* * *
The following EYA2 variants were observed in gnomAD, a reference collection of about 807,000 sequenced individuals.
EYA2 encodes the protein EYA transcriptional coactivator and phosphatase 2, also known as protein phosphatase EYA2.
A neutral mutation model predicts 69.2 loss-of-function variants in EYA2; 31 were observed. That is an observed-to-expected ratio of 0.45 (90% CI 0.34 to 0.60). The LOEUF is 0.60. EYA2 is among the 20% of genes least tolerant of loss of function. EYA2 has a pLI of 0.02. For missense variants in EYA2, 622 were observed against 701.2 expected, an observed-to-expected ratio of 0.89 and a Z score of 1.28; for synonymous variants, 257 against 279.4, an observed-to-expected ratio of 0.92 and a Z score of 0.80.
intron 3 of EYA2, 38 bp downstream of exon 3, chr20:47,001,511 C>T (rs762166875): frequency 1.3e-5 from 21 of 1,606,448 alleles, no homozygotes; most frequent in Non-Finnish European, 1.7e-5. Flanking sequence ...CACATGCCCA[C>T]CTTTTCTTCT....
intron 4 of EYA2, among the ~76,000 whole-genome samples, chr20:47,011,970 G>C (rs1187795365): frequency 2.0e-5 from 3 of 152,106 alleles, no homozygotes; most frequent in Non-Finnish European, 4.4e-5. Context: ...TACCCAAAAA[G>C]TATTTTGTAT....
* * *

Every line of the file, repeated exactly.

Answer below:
The following EYA2 variants were observed in gnomAD, a reference collection of about 807,000 sequenced individuals.
EYA2 encodes the protein EYA transcriptional coactivator and phosphatase 2, also known as protein phosphatase EYA2.
A neutral mutation model predicts 69.2 loss-of-function variants in EYA2; 31 were observed. That is an observed-to-expected ratio of 0.45 (90% CI 0.34 to 0.60). The LOEUF is 0.60. EYA2 is among the 20% of genes least tolerant of loss of function. EYA2 has a pLI of 0.02. For missense variants in EYA2, 622 were observed against 701.2 expected, an observed-to-expected ratio of 0.89 and a Z score of 1.28; for synonymous variants, 257 against 279.4, an observed-to-expected ratio of 0.92 and a Z score of 0.80.
intron 3 of EYA2, 38 bp downstream of exon 3, chr20:47,001,511 C>T (rs762166875): frequency 1.3e-5 from 21 of 1,606,448 alleles, no homozygotes; most frequent in Non-Finnish European, 1.7e-5. Flanking sequence ...CACATGCCCA[C>T]CTTTTCTTCT....
intron 4 of EYA2, among the ~76,000 whole-genome samples, chr20:47,011,970 G>C (rs1187795365): frequency 2.0e-5 from 3 of 152,106 alleles, no homozygotes; most frequent in Non-Finnish European, 4.4e-5. Context: ...TACCCAAAAA[G>C]TATTTTGTAT....